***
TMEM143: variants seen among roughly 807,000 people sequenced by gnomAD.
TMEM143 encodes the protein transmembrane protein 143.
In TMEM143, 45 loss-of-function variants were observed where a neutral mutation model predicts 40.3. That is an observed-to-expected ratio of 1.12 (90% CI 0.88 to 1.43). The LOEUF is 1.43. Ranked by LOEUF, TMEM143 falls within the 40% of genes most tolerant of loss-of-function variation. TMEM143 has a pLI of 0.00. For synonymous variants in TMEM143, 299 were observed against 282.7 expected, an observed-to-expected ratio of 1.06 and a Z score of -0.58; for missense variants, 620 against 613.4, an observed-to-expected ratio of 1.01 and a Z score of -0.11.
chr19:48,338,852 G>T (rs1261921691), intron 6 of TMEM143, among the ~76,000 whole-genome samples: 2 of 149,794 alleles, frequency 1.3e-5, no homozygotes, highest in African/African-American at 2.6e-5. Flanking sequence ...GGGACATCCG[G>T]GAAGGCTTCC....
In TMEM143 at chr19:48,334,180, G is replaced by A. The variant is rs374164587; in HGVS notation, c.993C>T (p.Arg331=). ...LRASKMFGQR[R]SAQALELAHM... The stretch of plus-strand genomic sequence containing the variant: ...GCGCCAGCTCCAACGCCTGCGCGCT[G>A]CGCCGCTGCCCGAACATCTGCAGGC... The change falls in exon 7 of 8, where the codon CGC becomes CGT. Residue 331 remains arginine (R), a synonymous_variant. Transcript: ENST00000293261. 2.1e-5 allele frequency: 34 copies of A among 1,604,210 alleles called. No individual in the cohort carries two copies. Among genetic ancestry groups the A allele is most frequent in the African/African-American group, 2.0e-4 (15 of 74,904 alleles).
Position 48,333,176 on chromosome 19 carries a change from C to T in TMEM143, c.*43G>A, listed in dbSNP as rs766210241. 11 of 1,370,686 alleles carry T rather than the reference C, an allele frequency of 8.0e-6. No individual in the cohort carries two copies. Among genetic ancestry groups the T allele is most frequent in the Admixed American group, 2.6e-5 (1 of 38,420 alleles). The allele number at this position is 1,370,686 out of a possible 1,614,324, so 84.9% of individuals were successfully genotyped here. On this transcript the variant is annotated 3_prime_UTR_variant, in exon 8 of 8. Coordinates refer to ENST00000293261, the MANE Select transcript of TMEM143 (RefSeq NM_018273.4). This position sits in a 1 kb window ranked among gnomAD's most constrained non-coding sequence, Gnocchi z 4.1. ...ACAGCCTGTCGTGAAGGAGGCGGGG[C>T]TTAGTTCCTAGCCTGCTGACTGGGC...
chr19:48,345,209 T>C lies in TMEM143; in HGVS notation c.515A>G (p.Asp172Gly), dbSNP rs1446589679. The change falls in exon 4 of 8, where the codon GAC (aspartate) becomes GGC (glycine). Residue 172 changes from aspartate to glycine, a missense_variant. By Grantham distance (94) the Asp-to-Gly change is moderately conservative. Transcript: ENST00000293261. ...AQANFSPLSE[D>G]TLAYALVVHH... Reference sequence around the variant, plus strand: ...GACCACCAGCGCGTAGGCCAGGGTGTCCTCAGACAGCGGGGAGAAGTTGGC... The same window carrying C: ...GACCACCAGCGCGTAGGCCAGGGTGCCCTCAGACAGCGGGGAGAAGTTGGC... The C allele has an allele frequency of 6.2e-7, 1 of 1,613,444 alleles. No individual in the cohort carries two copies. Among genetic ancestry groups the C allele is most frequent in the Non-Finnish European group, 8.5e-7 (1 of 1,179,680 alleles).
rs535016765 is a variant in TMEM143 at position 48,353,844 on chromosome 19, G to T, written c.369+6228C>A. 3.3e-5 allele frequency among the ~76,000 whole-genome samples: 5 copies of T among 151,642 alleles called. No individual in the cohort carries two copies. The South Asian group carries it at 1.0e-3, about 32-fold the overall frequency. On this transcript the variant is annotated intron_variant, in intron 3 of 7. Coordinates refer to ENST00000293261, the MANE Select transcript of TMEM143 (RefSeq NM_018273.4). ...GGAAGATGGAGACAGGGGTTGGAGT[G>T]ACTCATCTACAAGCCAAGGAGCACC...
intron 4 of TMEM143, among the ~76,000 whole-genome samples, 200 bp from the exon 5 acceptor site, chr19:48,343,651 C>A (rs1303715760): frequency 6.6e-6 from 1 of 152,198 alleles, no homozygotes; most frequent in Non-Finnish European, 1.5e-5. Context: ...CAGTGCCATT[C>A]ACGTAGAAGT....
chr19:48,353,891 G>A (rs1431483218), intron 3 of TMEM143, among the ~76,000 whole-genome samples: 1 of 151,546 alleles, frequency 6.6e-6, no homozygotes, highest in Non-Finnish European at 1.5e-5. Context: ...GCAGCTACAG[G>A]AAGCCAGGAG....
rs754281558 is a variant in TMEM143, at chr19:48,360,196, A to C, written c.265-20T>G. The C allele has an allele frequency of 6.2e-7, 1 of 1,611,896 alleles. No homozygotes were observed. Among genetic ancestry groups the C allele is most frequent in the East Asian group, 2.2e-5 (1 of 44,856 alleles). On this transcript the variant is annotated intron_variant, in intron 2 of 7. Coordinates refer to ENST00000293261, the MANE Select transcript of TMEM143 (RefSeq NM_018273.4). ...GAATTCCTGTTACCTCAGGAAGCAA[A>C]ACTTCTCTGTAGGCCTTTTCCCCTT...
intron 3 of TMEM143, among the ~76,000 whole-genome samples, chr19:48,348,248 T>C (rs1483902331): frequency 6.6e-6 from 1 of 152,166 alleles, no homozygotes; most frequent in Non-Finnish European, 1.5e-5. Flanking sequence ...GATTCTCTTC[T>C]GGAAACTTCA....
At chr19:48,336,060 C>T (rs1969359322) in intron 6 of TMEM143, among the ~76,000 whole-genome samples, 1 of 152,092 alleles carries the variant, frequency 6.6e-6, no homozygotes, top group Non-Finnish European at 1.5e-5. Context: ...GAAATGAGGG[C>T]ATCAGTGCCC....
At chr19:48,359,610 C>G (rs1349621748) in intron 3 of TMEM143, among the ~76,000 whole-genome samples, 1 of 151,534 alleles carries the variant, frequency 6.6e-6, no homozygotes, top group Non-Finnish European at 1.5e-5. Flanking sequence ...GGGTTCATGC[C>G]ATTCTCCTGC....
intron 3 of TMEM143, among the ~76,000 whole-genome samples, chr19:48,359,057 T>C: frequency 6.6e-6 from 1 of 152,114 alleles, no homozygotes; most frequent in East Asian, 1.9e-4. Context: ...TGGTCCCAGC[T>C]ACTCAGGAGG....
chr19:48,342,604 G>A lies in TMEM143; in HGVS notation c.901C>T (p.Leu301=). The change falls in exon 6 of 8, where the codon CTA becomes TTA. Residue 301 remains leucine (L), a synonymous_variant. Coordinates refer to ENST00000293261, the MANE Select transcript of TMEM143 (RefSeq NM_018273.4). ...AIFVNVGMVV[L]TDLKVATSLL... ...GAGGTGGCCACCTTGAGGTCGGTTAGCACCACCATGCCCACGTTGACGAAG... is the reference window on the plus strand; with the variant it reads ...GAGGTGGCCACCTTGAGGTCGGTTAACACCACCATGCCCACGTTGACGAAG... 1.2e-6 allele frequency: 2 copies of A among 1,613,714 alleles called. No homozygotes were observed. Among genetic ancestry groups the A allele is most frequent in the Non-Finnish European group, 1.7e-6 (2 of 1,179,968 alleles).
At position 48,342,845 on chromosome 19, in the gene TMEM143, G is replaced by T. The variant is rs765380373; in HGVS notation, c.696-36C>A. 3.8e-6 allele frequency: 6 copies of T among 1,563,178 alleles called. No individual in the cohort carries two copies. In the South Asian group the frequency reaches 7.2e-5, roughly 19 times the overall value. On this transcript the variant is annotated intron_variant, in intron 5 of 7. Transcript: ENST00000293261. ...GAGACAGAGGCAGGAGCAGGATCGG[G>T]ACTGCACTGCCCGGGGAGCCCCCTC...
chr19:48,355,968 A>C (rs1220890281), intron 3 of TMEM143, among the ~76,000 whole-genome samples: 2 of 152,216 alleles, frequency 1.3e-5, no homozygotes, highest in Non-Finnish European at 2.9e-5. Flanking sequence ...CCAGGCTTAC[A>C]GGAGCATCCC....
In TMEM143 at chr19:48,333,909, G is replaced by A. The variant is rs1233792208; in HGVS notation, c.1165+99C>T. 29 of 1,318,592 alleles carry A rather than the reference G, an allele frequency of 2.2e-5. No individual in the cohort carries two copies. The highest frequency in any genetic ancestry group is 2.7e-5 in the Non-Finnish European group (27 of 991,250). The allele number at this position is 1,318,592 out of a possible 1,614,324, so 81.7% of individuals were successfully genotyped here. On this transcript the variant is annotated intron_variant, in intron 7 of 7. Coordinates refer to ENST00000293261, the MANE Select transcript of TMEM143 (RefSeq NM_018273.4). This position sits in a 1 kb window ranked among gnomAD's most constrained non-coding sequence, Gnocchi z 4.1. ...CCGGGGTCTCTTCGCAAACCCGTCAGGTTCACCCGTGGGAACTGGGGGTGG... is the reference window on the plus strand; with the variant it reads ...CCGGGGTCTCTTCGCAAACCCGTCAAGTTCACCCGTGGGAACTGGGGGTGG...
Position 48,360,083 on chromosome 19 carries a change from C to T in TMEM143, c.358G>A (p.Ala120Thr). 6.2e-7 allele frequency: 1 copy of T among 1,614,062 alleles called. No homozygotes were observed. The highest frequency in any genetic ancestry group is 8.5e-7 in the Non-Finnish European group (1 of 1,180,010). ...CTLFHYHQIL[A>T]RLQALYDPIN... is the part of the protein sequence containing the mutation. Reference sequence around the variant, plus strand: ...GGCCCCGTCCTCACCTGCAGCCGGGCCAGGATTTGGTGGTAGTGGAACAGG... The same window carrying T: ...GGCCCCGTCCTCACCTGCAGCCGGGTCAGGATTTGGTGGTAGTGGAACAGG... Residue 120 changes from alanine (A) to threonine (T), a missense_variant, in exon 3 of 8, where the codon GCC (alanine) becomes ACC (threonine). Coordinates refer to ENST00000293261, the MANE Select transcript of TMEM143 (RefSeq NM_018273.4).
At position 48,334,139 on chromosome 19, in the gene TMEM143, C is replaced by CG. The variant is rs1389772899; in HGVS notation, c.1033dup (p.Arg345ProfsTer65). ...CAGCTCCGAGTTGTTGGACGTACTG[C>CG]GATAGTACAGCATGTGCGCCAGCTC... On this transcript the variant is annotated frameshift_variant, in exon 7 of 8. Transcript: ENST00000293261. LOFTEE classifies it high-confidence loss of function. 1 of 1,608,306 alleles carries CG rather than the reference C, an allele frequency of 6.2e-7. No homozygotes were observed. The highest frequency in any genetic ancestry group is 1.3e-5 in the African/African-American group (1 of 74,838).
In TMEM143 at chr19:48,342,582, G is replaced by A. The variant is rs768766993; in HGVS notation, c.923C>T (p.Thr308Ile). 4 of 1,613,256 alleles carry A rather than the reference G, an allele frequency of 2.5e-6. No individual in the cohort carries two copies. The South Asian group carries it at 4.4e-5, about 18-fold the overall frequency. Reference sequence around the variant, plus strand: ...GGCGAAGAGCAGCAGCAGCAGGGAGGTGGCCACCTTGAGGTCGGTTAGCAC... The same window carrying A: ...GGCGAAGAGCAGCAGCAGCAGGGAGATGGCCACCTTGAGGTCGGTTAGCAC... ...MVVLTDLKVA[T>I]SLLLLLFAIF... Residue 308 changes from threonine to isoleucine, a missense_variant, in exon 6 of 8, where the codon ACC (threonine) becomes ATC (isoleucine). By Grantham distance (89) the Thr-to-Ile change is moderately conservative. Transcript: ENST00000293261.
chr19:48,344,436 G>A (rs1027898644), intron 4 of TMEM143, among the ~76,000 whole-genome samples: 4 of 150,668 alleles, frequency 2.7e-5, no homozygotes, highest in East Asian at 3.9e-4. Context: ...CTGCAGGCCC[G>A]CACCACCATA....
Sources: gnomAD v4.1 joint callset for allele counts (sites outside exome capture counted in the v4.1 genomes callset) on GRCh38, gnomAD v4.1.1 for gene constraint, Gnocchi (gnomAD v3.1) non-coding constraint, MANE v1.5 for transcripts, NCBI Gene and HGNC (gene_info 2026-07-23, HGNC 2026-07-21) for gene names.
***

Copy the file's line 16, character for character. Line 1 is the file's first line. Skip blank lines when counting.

chr19:48,342,604 G>A lies in TMEM143; in HGVS notation c.901C>T (p.Leu301=). The change falls in exon 6 of 8, where the codon CTA becomes TTA. Residue 301 remains leucine (L), a synonymous_variant. Coordinates refer to ENST00000293261, the MANE Select transcript of TMEM143 (RefSeq NM_018273.4). ...AIFVNVGMVV[L]TDLKVATSLL... ...GAGGTGGCCACCTTGAGGTCGGTTAGCACCACCATGCCCACGTTGACGAAG... is the reference window on the plus strand; with the variant it reads ...GAGGTGGCCACCTTGAGGTCGGTTAACACCACCATGCCCACGTTGACGAAG... 1.2e-6 allele frequency: 2 copies of A among 1,613,714 alleles called. No homozygotes were observed. Among genetic ancestry groups the A allele is most frequent in the Non-Finnish European group, 1.7e-6 (2 of 1,179,968 alleles).